A Qatari woman aims to climb Everest to inspire women in her regionSheikha Asma Al Thani is on the quest to scale the tallest peaks in the seven continents and reach the two poles. Everest will be fourth of the nine feats.
A Qatari woman is on a quest to complete the Explorers Grand Slam–reaching the summits of the seven highest mountains in the seven continents and the two poles.
After reaching the North Pole, climbing 6,959 metres (22,831 feet) Mount Aconcagua in South America and 5,895 metres (19,340 feet) Mount Kilimanjaro in Africa, Sheikha Asma Al Thani’s sight is now set on Everest.
If she climbs the 8,848.86-metre (29,031. 69 feet) Everest, she will also be the first woman from her country to climb the mountain and 472nd from the world, from the Nepal side.
A total of 6,507 mountaineers have climbed Everest, which straddles Nepal and China, from the south side since 1953. Junko Tabei of Japan became the first woman to climb it in 1975.
“In April/May this year, I will take on my biggest challenge yet, conquering Mount Everest. I am only the third Qatari to ever attempt the climb and, if successful, I would become the first Qatari woman in history to stand 8,848 [sic] metres above sea level,” Asma wrote on her website.
Asma, the director of marketing and communications for the Qatar Olympic Committee, is scheduled to land in Nepal on Thursday, her local expedition organiser TAGnepal told the Post.
“After fulfilling the necessary travel protocol of the Nepal government –conducting the polymerase chain reaction (PCR) test after arriving in Nepal–Sheikha Asma will apply for the climbing permit,” said Ishwor Dotel, an official at TAGnepal. “She will be spending 45 days in Nepal for the Everest mission.”
Asma of the Qatari royal family said she also wants to demonstrate women’s empowerment in Qatar while inspiring a new generation of women across the region to dream bigger.
“Through my journey, I aim to shatter the stereotypical image of the traditional explorer and demonstrate women’s empowerment in Qatar while inspiring a new generation of women across the region to dream bigger,” she wrote on the website.
The position of women from the eight Gulf States–Bahrain, Iran, Iraq, Kuwait, Oman, Qatar, Saudi Arabia and the United Arab Emirates–is much behind other countries which are economically on par with them.
Authorities in the Gulf view modernity as achievements in economy, technology and education, while socio-political involvement is seen as problematic.
So far only six women from these countries have climbed Everest from the Nepal side despite the wealth they have from oil and natural gas.
On May 30, 2005, Farkhondeh Sadegh, a graphic designer, and Laleh Keshavarz, a dentist, from Iran became the first Muslim women to climb Everest.
On May 18, 2012, Parvaneh Kazemi, again from Iran, climbed Everest, according to the Department of Tourism.
Raha Moharrak became the youngest Arab and the first Saudi woman to climb Everest on May 18, 2013.
Mona Kamal Shahab was another Saudi woman who stepped atop Everst on May 23, 2019.
Nadhira Ahmed Abdullah Al Harthy became the first Omani woman to summit Everest in 2019.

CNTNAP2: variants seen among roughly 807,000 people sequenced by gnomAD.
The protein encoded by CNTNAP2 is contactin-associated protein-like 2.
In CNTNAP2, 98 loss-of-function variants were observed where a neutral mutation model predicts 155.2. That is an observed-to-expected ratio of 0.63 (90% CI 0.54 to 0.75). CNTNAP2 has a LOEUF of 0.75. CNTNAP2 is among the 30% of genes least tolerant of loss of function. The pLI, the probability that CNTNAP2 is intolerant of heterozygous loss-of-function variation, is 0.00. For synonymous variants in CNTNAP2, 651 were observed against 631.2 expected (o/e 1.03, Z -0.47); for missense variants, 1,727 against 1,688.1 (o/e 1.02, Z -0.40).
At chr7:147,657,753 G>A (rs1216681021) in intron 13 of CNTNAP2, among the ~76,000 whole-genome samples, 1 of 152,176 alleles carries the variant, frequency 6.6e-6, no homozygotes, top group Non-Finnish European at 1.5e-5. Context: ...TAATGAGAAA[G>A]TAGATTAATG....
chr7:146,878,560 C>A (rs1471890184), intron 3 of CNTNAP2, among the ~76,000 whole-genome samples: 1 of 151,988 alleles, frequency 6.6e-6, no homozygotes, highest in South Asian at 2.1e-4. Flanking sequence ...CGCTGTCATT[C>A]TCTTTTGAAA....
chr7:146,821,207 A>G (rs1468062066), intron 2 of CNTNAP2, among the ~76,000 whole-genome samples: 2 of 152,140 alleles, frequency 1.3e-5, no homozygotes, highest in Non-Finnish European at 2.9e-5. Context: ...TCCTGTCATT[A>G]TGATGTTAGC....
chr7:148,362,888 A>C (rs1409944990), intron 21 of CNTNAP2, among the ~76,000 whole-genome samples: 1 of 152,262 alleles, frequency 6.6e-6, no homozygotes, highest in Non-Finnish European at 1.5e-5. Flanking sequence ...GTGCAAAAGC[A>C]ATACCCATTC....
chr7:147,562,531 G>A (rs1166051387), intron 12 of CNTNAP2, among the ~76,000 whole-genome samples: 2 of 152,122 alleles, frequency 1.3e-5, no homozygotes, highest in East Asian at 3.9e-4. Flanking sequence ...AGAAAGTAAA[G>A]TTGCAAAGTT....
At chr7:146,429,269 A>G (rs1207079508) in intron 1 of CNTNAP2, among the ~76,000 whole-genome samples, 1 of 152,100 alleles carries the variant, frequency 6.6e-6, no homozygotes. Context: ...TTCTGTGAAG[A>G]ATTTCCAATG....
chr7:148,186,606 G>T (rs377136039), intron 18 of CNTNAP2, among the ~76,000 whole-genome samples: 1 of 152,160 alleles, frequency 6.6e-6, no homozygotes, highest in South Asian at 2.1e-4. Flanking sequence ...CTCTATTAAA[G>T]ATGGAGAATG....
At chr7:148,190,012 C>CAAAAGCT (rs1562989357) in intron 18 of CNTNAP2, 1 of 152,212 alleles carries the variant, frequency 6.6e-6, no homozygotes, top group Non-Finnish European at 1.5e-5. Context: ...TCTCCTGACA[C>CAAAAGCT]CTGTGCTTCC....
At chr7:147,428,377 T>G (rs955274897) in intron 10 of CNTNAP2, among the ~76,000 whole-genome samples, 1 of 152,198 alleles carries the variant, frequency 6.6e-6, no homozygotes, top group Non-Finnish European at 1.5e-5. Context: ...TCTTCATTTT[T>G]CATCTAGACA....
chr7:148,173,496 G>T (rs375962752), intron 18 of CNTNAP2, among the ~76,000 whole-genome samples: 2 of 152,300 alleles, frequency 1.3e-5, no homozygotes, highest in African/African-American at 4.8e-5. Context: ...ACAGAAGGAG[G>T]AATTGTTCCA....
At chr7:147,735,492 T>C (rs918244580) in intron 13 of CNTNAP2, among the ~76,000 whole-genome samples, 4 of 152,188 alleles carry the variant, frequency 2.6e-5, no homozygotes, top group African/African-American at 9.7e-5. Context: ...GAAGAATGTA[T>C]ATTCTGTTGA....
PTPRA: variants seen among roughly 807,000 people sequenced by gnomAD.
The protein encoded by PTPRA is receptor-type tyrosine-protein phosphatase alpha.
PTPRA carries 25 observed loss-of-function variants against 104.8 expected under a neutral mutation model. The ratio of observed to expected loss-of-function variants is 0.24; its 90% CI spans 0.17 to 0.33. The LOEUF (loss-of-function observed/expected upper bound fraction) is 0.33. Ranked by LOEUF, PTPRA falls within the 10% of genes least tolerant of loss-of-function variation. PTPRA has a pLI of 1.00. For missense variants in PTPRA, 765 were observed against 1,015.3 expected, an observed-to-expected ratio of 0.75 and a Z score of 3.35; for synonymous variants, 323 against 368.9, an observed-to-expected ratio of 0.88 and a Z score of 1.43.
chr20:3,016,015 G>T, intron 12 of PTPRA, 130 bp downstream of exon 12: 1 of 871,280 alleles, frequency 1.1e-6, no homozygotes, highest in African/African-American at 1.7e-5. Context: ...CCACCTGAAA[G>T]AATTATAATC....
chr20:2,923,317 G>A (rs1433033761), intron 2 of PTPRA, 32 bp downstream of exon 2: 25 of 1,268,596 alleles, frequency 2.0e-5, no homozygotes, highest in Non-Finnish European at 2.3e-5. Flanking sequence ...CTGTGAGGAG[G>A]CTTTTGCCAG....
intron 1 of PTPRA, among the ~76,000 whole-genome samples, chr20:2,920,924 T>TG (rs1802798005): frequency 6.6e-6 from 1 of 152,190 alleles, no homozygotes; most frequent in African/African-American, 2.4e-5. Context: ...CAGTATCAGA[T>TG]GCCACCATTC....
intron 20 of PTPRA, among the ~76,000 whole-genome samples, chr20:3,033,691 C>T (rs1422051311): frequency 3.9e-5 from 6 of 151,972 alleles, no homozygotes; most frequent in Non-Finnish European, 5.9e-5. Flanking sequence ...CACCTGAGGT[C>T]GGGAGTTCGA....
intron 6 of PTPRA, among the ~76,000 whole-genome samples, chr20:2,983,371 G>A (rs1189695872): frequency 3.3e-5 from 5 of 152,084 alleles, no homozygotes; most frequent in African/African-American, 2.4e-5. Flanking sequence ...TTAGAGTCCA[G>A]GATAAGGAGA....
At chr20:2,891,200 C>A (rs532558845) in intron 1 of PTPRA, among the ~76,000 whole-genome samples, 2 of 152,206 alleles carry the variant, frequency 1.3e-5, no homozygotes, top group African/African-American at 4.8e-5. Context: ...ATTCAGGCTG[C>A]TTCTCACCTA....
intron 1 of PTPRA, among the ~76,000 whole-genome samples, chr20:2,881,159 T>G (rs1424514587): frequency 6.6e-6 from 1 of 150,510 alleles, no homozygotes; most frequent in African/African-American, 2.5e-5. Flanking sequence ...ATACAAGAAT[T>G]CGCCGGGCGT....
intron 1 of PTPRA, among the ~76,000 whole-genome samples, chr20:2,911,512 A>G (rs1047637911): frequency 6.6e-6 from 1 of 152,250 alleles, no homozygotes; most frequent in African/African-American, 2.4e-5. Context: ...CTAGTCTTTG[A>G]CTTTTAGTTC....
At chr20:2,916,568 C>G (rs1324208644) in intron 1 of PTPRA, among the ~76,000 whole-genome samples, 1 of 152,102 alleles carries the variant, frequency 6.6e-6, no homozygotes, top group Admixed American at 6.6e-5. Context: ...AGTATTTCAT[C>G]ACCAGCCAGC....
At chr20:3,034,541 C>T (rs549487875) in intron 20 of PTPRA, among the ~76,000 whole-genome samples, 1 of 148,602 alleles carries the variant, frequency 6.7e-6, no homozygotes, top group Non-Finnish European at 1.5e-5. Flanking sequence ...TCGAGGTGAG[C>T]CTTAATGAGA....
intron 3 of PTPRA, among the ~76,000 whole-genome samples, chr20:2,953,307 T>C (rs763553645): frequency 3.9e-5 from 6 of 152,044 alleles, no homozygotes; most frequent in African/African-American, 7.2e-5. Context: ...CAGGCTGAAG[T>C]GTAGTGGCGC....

“Women from the Gulf states who have climbed Everest can be counted on fingers. These states have seen fewer opportunities for women,” said Ang Tsering Sherpa, former president of Nepal Mountaineering Association.
“But things could change. The Gulf states are gradually opening up and promoting women. Everest has been drawing a number of high-profile male climbers from the Gulf states. It’s a word of mouth promotion,” Sherpa said. “The number of women climbers from the Gulf states could also rise in the near future.”
From Qatar to the UAE and from Bahrain to Saudi, Everest could be a big draw for the wealthy.
On Friday, Nepal issued a permit to climb Everest for a royal Bahrain military expedition led by Prince Mohamed Hamad Mohamed al-Khalifa.
The Bahraini prince is following the footsteps of members of the royal families of other countries in the Gulf.
Qatari Prince Sheikh Mohammed bin Abdulla Al Thani climbed Everest on May 22, 2013 and also became the first person from his country to reach the top of the world.
Prince Bandar Bin Khalid Bin Fahd of Saudi Arabia had successfully climbed Everest on May 19, 2012 and is also the first Saudi Arabian to climb the seven highest peaks in the seven continents, a feat Princess Asma hopes to emulate.
It costs $35,000 to $90,000 for a person to climb Everest depending on the extent of support the climber needs in terms of guides and supplies. This cost also includes the climbing permit cost of $11,000.
The risks of climbing are not lost on those hoping for success.
“We understand it will be extremely difficult. People die on this mountain. We are not taking it easy,” Prince al-Khalifa told the Post last week in an interview. “We are the people living below sea level. Everest is extremely difficult for us. We have trained ourselves vastly but still it is difficult.”
It is a similar challenge that Asma faces.
But for the moment, she is undeterred and wants to climb not only for herself but also to inspire other women.
“I climb mountains because it challenges my limits. And it is my hope that by taking on the world’s highest mountains, I can challenge the stereotypical image of the traditional explorer and empower women and youth in the region to challenge themselves and dream bigger,” Asma said in a press statement before arriving in Nepal.
“Ultimately, I want to become the first woman from the Middle East to complete the Explorers Grand Slam, and summiting Everest is just a milestone on my journey to inspire others to push past their limits, break down barriers and live their dreams,” she wrote on her website.